Illness and disability have profound effects on the disabled person and also the loved ones or caregivers. Unless you’ve been there yourself, it is hard to understand the effects of pain and loss of function.
I was sent a link to this page and found many great tips. You can download the booklet here. Please share these with others. And let me know if you have your own experience or tips to add to the conversation. You can post a comment here or email Marjory Harris at MarjoryHarrisLaw@gmail.com.
Some lawyers promise a free consultation and then pressure you to sign up. Worse, some send hearing reps to your house who pressure you to sign up.
My consultations are not only free, they are free from pressure tactics.
Why do I spend time giving free legal help? First, I like to help people. I started as a hospital volunteer at age 14, and found that many people appreciated a bit of attention or kind word. I felt good helping people. I never felt I needed to be paid for everything I did to help others — being of service is its own reward.
Second, it’s good for business. Even if someone does not select me as their lawyer, they may refer a client later. Years ago a client came to me who got my name from someone she sat next to on a BART train. That person said she had hired someone else and always regretted it. So there is no rush or push to sign someone up. There have always been enough clients.
When you are having your free consultation, don’t be afraid to ask tough questions and interview the lawyer. If the lawyer is too busy to see you and delegates this to someone else, just leave — you are not getting a legal consultation. You are getting a taste of what will come later if you sign up with this busy lawyer. He or she will not be available to answer your questions, explain their strategy, or get your consent.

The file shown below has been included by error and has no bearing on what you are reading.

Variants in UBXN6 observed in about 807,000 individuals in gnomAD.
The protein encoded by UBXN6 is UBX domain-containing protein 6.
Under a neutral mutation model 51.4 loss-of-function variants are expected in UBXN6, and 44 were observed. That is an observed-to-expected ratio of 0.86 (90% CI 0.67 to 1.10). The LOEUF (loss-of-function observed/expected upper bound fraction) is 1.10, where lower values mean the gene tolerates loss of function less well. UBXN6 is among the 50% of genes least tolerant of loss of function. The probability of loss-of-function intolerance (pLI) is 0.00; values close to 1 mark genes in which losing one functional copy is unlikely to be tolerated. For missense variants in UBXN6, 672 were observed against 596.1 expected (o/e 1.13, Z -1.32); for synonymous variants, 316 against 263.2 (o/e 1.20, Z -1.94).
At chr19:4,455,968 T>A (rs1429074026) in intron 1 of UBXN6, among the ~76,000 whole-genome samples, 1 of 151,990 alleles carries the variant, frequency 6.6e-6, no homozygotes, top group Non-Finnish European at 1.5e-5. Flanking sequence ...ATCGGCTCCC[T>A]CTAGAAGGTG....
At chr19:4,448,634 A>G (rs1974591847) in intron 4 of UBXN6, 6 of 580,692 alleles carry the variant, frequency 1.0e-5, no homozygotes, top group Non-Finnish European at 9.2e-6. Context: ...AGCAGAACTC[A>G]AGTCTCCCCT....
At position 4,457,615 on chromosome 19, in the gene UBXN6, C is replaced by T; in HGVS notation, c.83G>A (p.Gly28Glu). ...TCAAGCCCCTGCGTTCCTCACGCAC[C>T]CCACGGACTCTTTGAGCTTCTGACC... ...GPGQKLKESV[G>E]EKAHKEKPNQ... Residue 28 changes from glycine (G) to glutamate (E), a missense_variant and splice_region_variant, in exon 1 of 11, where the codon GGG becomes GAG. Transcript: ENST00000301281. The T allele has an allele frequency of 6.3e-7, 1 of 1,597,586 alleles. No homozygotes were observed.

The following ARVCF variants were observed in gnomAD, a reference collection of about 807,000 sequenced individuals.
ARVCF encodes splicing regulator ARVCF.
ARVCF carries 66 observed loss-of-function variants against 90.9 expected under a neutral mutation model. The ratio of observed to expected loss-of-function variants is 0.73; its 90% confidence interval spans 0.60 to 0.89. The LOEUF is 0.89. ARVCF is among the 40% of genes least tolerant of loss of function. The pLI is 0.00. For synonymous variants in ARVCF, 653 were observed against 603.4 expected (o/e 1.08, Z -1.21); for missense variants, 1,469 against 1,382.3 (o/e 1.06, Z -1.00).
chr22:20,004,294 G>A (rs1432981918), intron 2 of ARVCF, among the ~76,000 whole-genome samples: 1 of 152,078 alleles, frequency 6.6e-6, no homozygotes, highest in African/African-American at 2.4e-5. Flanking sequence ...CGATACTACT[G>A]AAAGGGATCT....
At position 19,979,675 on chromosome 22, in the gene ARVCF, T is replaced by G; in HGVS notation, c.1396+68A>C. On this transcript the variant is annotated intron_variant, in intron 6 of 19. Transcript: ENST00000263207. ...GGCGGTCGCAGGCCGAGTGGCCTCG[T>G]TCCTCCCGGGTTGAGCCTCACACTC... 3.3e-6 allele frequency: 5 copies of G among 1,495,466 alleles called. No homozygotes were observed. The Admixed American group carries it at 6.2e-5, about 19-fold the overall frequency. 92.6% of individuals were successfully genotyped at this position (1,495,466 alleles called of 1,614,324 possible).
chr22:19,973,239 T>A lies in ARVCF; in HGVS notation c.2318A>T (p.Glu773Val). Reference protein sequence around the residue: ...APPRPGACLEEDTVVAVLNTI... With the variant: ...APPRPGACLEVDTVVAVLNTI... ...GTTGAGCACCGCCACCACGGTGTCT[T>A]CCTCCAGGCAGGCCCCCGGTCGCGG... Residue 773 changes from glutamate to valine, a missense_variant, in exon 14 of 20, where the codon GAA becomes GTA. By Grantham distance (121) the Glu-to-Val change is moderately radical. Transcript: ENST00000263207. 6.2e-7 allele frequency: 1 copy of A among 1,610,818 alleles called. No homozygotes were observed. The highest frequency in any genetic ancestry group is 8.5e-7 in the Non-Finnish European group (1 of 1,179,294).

Ask who will be handling your case. A lawyer who delegates everything to an assistant will be sending out boilerplate form letters, taking knee-jerk actions rather than exploring the most effective strategy, and you will not know or understand the “why” and the “what” of the actions taken in your case.
You have the right to know what is being done in your name. Make sure you assert that right (politely, of course — no one likes being shouted at or listening to abusive language). A lawyer who does not want to talk with his or her clients, who does not want to explain anything, may or may not be doing a good job with your case. But how will you know? And will you feel good about your choice of representation?
Newsline No.: 2016-65 Date: June 14, 2016
DWC Announces Temporary Total Disability Rates for 2017
The Division of Workers’ Compensation (DWC) announces that the 2017 minimum and maximum temporary total disability (TTD) rates will increase on January 1, 2017. The minimum TTD rate will increase from $169.26 to $175.88 and the maximum TTD rate will increase from $1,128.43 to $1,172.57 per week.
Labor Code section 4453(a) (10) requires the rate for TTD be increased by an amount equal to percentage increase in the State Average Weekly Wage (SAWW) as compared to the prior year. The SAWW is defined as the average weekly wage paid to employees covered by unemployment insurance as reported by the U.S. Department of Labor for California for the 12 months ending March 31 in the year preceding the injury. In the 12 months ending March 31, 2016, the SAWW increased from $1,120.67 to $1,164.51—an increase of just under 3.912 percent.
Under Labor Code section 4659(c), workers with a date of injury on or after Jan. 1, 2003 who are receiving life pensions (LP) or permanent total disability (PTD) benefits are also entitled to have their weekly LP or PTD rate adjusted based on the SAWW.
The first quarter 2015 SAWW figures may be verified at the U.S. Department of Labor website, as can the first quarter 2016 SAWW figures.